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Mazda 3 Oil Filter Conversion

I have a 2005 Mazda 3s with the 2.3l engine. It uses a ‘cartridge’ filter rather than the standard spin-on type. Changing the cartridge is messy plus it is in a plastic cover that can crack and leak oil. Several M3 2.3 owners suggest installing a conversion kit to switch to a conventional filter used on the Mazda 3 2.0l engine. A local dealer sells the kit but it is not actually from Mazda. What do you think? Will the filter for the 2.0l engine meet the oil needs of the 2.3? Thanks

Changing a cartridge filter is no more messy than changing a standard type filter. Also the plastic will not crack or be otherwise damaged unless it is improperly handled. I assume you do your own oil changes since you are concerned with what type of oil filter your car has on it. If you use the proper socket to open and close the cartridge holder, and don’t over tighten, you won’t ever have a problem with it. Save your money for eventual repairs.

The question I have is: Is the move to cartridge oil filters at the behest of the EPA to reduce the enviornmental hazard of oil filled conventional can filters going to land fills? Is there a mechanical or longevity advantage to using the cartridge over the can filter?

One advantage I can see of the cartridge is that you can inspect the element to spot any chronic engine problems before they become critical and cause an engine failure.

The current conversion to cartridge filters no doubt has advantages regarding reduced material usage as well as reduced manufacturing cost. When engine oil filters appeared (my college student type car, a 1947 Chevrolet had one), they were cartridges. Later the spin-on filters appeared. They were faster and easier to change, a convenience for mechanics and the material cost increase was probably considered minor and the environmental waste and natural resource usage concerns were not in anyone’s mind.

Researcher, you can very easily open a spin-on filter with a hammer and a cold chisel, applying the cut adjacent to the thick metal end cap in order to inspect the filtration element. A cold chisel will not interfere with your inspection with unintended metallic debris. I can have a disposable spin-on filter housing open in less than a minute. Open it on a few layers of newspaper to contain the small mess.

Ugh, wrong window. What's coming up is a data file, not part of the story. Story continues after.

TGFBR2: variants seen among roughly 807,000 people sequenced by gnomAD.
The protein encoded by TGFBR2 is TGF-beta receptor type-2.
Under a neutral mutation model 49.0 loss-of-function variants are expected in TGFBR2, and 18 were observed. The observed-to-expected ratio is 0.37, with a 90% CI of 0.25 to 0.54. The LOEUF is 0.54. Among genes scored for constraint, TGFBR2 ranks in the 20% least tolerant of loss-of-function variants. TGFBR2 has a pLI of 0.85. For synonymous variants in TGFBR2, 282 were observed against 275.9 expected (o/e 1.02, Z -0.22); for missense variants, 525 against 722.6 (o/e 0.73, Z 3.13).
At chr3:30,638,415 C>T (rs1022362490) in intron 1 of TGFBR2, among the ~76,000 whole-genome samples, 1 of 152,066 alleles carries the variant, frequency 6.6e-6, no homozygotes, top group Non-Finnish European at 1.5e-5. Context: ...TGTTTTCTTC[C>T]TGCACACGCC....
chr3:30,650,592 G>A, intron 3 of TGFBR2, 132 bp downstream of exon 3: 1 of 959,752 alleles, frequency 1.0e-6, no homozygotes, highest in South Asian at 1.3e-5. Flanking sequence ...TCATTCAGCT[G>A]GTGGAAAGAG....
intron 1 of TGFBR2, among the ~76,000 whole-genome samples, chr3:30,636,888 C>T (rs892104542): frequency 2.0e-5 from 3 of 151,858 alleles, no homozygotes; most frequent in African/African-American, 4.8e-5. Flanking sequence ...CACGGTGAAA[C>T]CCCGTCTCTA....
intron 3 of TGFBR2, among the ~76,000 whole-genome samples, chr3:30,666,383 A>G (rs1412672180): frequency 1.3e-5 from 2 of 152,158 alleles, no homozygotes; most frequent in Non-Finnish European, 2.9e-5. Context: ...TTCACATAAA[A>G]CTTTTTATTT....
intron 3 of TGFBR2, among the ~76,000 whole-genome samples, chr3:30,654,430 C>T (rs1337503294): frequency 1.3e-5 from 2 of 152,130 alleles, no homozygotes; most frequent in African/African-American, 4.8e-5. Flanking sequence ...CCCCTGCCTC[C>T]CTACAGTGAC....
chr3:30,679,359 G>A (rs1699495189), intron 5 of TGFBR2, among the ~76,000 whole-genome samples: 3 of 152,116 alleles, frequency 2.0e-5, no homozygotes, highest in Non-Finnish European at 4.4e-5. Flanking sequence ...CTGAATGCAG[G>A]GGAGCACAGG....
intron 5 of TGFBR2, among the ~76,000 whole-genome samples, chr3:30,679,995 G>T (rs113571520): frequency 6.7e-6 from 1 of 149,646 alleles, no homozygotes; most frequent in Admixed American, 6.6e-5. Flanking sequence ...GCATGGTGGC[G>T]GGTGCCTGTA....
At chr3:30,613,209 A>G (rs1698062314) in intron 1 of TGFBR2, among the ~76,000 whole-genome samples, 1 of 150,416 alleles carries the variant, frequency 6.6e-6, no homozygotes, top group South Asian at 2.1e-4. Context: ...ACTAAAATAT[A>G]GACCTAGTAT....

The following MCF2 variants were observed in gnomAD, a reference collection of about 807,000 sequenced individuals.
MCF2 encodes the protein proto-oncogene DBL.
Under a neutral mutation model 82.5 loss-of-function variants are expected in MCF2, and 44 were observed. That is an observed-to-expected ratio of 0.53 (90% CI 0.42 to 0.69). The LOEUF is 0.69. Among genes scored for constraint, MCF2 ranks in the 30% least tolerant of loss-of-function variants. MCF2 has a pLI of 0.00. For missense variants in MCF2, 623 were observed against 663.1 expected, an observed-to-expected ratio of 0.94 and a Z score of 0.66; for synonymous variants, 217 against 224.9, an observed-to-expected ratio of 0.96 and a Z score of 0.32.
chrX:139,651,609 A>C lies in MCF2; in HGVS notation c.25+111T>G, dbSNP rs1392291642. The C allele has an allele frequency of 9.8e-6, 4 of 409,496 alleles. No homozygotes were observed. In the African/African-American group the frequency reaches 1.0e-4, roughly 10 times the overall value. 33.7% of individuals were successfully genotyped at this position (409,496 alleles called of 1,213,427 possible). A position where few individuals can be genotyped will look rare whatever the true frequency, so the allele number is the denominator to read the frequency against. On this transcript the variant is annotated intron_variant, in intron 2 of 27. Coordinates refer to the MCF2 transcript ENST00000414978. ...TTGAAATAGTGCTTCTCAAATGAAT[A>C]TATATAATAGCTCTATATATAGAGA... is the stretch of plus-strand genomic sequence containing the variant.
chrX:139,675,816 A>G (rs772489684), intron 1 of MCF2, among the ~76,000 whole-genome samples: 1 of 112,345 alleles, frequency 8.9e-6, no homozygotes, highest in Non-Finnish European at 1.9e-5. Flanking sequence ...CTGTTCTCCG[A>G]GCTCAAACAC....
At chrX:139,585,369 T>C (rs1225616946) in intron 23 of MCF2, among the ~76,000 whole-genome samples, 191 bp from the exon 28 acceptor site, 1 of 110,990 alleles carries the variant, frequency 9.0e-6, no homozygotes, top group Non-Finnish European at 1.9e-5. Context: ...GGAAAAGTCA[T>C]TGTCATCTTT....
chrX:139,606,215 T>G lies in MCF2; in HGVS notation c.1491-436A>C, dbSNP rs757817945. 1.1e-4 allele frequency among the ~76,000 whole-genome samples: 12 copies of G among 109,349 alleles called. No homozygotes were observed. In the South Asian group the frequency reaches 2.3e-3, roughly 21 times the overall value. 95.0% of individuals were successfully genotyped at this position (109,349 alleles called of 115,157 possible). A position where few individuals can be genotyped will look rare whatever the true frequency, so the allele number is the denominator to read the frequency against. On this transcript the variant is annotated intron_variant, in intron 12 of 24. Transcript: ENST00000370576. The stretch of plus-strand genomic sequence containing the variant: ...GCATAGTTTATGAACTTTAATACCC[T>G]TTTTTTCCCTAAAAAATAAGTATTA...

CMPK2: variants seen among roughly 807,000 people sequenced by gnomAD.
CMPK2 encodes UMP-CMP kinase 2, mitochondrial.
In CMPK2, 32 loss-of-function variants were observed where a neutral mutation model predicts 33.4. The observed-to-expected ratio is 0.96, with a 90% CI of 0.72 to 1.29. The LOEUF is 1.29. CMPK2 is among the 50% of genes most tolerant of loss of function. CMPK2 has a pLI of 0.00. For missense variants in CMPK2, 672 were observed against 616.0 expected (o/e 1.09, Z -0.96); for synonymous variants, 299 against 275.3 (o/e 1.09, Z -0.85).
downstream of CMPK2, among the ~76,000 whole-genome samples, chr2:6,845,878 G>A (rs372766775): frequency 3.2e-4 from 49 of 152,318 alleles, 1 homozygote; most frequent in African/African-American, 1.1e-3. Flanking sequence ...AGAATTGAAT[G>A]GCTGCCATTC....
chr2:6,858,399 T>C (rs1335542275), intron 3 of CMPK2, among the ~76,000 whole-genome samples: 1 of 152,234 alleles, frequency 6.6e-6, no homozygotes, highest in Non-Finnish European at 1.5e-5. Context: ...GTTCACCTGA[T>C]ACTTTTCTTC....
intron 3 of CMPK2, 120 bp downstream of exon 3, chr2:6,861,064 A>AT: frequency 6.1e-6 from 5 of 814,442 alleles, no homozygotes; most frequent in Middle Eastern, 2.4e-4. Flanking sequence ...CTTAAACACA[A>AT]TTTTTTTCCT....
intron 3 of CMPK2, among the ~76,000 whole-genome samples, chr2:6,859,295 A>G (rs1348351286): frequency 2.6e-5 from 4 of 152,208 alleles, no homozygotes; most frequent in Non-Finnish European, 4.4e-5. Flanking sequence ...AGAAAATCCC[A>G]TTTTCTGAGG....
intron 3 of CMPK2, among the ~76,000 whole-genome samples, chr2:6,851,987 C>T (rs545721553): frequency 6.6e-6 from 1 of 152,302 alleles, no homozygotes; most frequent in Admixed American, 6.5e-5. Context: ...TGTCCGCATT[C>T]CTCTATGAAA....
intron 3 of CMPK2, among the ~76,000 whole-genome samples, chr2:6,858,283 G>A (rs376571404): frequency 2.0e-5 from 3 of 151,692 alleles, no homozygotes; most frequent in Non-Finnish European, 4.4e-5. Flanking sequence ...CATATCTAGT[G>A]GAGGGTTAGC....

Do you know for a fact that the original equipment cartridge filter can crack or leak oil? If this is your lay person engineering judgement working overtime or hearsay from others, just relax and put your faith in those who professionally design filters. If you are correct and I am wrong, you can be sure that improvements in the filter design will be forthcoming.

Regarding the alternate filter, I would want to at least measure the filtration areas to compare. Even that might not be conclusive as filtering media can have different degrees of porosity.

" What do you think? Will the filter for the 2.0l engine meet the oil needs of the 2.3? Thanks"

The conversion should work just fine…

Thanks all for the good feedback. I’ve done a variety of oil changes over 40 years of car maintenance from V-dubs, Corvairs and Sunbeams to today’s iron. I’m getting ready for the first oil change on this recently purchased used Mazda and I’ll give the cartridge a try for now and consider a switch to the spin-on next time.

In a related question, our Mazda 3, 2.3 just lost 3.5 quarts of oil when the ‘cartridge’ apparently broke. My oldest child drives the car and didnt notice anything until the oil and check engine lights came on. Luckily, we towed it to a dealer and they discovered it only had 1.5 quarts…and was close to siezing. No obvious leaks anywhere…the only damp spots were on the skid plate. The dealer changed the cartridge, refilled the oil and it appears to be saved. Any recommendations?

My wifes lexus ES350 has this cartridge filter. I don’t find it much more difficult to change then a canister filter. It’s far easier then the canister filter on her 4-cylinder Accords…mainly because of location.

Drive on, but monitor the oil level closely for the next couple of months. If you don’t hear any new noises coming from the engine and the oil useage hasn’t increased then you caught the low oil condition before significant engine damage occured.

If you convert it to a spin-on,you will void the powertrain warranty (I work for a mazda dealer)